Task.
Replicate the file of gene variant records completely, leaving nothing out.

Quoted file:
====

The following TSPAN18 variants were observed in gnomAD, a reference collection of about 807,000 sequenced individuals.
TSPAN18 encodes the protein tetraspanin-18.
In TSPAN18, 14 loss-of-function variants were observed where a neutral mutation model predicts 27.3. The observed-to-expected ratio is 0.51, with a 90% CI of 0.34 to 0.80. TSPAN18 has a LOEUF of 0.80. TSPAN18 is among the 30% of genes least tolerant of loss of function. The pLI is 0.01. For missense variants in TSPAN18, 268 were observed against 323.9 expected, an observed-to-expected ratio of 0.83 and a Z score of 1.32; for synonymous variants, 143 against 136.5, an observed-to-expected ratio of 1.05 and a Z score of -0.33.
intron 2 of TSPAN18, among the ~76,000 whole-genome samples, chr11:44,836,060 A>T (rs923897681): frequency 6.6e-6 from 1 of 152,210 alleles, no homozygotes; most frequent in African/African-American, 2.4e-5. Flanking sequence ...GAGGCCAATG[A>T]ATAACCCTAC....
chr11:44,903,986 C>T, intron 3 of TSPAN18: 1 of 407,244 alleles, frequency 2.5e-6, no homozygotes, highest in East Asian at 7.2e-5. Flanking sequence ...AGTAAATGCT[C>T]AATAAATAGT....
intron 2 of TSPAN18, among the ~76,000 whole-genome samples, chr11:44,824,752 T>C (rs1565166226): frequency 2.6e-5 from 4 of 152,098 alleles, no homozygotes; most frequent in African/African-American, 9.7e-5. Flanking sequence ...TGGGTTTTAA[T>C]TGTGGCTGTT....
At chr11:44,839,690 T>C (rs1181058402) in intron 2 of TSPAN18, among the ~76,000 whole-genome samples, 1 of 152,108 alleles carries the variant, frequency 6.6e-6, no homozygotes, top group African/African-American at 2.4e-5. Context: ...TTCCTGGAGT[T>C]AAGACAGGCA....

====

The following TSPAN18 variants were observed in gnomAD, a reference collection of about 807,000 sequenced individuals.
TSPAN18 encodes the protein tetraspanin-18.
In TSPAN18, 14 loss-of-function variants were observed where a neutral mutation model predicts 27.3. The observed-to-expected ratio is 0.51, with a 90% CI of 0.34 to 0.80. TSPAN18 has a LOEUF of 0.80. TSPAN18 is among the 30% of genes least tolerant of loss of function. The pLI is 0.01. For missense variants in TSPAN18, 268 were observed against 323.9 expected, an observed-to-expected ratio of 0.83 and a Z score of 1.32; for synonymous variants, 143 against 136.5, an observed-to-expected ratio of 1.05 and a Z score of -0.33.
intron 2 of TSPAN18, among the ~76,000 whole-genome samples, chr11:44,836,060 A>T (rs923897681): frequency 6.6e-6 from 1 of 152,210 alleles, no homozygotes; most frequent in African/African-American, 2.4e-5. Flanking sequence ...GAGGCCAATG[A>T]ATAACCCTAC....
chr11:44,903,986 C>T, intron 3 of TSPAN18: 1 of 407,244 alleles, frequency 2.5e-6, no homozygotes, highest in East Asian at 7.2e-5. Flanking sequence ...AGTAAATGCT[C>T]AATAAATAGT....
intron 2 of TSPAN18, among the ~76,000 whole-genome samples, chr11:44,824,752 T>C (rs1565166226): frequency 2.6e-5 from 4 of 152,098 alleles, no homozygotes; most frequent in African/African-American, 9.7e-5. Flanking sequence ...TGGGTTTTAA[T>C]TGTGGCTGTT....
At chr11:44,839,690 T>C (rs1181058402) in intron 2 of TSPAN18, among the ~76,000 whole-genome samples, 1 of 152,108 alleles carries the variant, frequency 6.6e-6, no homozygotes, top group African/African-American at 2.4e-5. Context: ...TTCCTGGAGT[T>C]AAGACAGGCA....